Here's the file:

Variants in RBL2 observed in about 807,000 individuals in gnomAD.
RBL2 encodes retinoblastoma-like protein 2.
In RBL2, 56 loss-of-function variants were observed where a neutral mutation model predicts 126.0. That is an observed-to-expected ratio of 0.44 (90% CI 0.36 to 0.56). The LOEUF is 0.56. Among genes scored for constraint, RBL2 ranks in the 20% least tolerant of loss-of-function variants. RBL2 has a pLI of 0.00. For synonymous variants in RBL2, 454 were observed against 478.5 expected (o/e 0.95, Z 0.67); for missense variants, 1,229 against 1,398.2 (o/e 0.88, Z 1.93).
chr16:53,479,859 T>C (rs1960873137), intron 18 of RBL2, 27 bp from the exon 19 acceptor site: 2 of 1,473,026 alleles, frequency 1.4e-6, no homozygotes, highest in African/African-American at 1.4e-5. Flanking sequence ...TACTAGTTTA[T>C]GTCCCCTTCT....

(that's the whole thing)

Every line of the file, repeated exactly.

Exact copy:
Variants in RBL2 observed in about 807,000 individuals in gnomAD.
RBL2 encodes retinoblastoma-like protein 2.
In RBL2, 56 loss-of-function variants were observed where a neutral mutation model predicts 126.0. That is an observed-to-expected ratio of 0.44 (90% CI 0.36 to 0.56). The LOEUF is 0.56. Among genes scored for constraint, RBL2 ranks in the 20% least tolerant of loss-of-function variants. RBL2 has a pLI of 0.00. For synonymous variants in RBL2, 454 were observed against 478.5 expected (o/e 0.95, Z 0.67); for missense variants, 1,229 against 1,398.2 (o/e 0.88, Z 1.93).
chr16:53,479,859 T>C (rs1960873137), intron 18 of RBL2, 27 bp from the exon 19 acceptor site: 2 of 1,473,026 alleles, frequency 1.4e-6, no homozygotes, highest in African/African-American at 1.4e-5. Flanking sequence ...TACTAGTTTA[T>C]GTCCCCTTCT....